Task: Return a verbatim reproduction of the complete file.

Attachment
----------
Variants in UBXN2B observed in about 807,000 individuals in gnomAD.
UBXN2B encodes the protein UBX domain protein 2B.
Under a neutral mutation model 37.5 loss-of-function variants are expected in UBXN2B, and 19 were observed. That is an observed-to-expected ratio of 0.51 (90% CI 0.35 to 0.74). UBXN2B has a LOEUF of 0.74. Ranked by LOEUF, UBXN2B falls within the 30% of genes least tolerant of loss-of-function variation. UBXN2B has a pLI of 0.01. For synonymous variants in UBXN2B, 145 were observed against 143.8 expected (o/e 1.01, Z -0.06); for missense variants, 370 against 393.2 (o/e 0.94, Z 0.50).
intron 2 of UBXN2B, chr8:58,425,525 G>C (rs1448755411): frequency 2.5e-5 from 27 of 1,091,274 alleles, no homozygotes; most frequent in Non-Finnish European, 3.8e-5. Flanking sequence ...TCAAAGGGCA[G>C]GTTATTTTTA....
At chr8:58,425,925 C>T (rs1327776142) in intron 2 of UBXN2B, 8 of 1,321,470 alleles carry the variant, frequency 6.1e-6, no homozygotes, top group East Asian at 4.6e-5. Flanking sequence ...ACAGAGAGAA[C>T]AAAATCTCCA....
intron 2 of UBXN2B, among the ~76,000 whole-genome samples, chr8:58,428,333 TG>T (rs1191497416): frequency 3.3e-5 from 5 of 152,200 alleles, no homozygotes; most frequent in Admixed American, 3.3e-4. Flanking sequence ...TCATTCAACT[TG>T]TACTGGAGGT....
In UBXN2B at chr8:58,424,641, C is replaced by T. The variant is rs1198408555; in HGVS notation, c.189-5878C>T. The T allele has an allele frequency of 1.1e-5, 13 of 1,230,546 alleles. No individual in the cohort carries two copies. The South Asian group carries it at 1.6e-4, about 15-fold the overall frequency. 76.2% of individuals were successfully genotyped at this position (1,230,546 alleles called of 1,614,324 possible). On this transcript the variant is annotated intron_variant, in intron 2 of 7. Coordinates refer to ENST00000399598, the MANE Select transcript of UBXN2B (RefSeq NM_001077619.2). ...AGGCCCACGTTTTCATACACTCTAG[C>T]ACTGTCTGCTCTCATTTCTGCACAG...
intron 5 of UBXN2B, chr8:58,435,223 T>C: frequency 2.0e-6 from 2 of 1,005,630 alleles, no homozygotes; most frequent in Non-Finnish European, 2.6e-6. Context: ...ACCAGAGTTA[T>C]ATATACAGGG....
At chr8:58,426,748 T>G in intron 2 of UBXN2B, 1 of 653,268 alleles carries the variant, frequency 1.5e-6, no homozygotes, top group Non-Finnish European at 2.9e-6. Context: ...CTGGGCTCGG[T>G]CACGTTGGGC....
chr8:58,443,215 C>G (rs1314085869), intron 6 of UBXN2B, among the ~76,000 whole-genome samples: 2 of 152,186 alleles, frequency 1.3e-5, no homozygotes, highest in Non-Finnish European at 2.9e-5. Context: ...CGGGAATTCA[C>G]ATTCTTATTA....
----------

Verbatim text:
Variants in UBXN2B observed in about 807,000 individuals in gnomAD.
UBXN2B encodes the protein UBX domain protein 2B.
Under a neutral mutation model 37.5 loss-of-function variants are expected in UBXN2B, and 19 were observed. That is an observed-to-expected ratio of 0.51 (90% CI 0.35 to 0.74). UBXN2B has a LOEUF of 0.74. Ranked by LOEUF, UBXN2B falls within the 30% of genes least tolerant of loss-of-function variation. UBXN2B has a pLI of 0.01. For synonymous variants in UBXN2B, 145 were observed against 143.8 expected (o/e 1.01, Z -0.06); for missense variants, 370 against 393.2 (o/e 0.94, Z 0.50).
intron 2 of UBXN2B, chr8:58,425,525 G>C (rs1448755411): frequency 2.5e-5 from 27 of 1,091,274 alleles, no homozygotes; most frequent in Non-Finnish European, 3.8e-5. Flanking sequence ...TCAAAGGGCA[G>C]GTTATTTTTA....
At chr8:58,425,925 C>T (rs1327776142) in intron 2 of UBXN2B, 8 of 1,321,470 alleles carry the variant, frequency 6.1e-6, no homozygotes, top group East Asian at 4.6e-5. Flanking sequence ...ACAGAGAGAA[C>T]AAAATCTCCA....
intron 2 of UBXN2B, among the ~76,000 whole-genome samples, chr8:58,428,333 TG>T (rs1191497416): frequency 3.3e-5 from 5 of 152,200 alleles, no homozygotes; most frequent in Admixed American, 3.3e-4. Flanking sequence ...TCATTCAACT[TG>T]TACTGGAGGT....
In UBXN2B at chr8:58,424,641, C is replaced by T. The variant is rs1198408555; in HGVS notation, c.189-5878C>T. The T allele has an allele frequency of 1.1e-5, 13 of 1,230,546 alleles. No individual in the cohort carries two copies. The South Asian group carries it at 1.6e-4, about 15-fold the overall frequency. 76.2% of individuals were successfully genotyped at this position (1,230,546 alleles called of 1,614,324 possible). On this transcript the variant is annotated intron_variant, in intron 2 of 7. Coordinates refer to ENST00000399598, the MANE Select transcript of UBXN2B (RefSeq NM_001077619.2). ...AGGCCCACGTTTTCATACACTCTAG[C>T]ACTGTCTGCTCTCATTTCTGCACAG...
intron 5 of UBXN2B, chr8:58,435,223 T>C: frequency 2.0e-6 from 2 of 1,005,630 alleles, no homozygotes; most frequent in Non-Finnish European, 2.6e-6. Context: ...ACCAGAGTTA[T>C]ATATACAGGG....
At chr8:58,426,748 T>G in intron 2 of UBXN2B, 1 of 653,268 alleles carries the variant, frequency 1.5e-6, no homozygotes, top group Non-Finnish European at 2.9e-6. Context: ...CTGGGCTCGG[T>G]CACGTTGGGC....
chr8:58,443,215 C>G (rs1314085869), intron 6 of UBXN2B, among the ~76,000 whole-genome samples: 2 of 152,186 alleles, frequency 1.3e-5, no homozygotes, highest in Non-Finnish European at 2.9e-5. Context: ...CGGGAATTCA[C>G]ATTCTTATTA....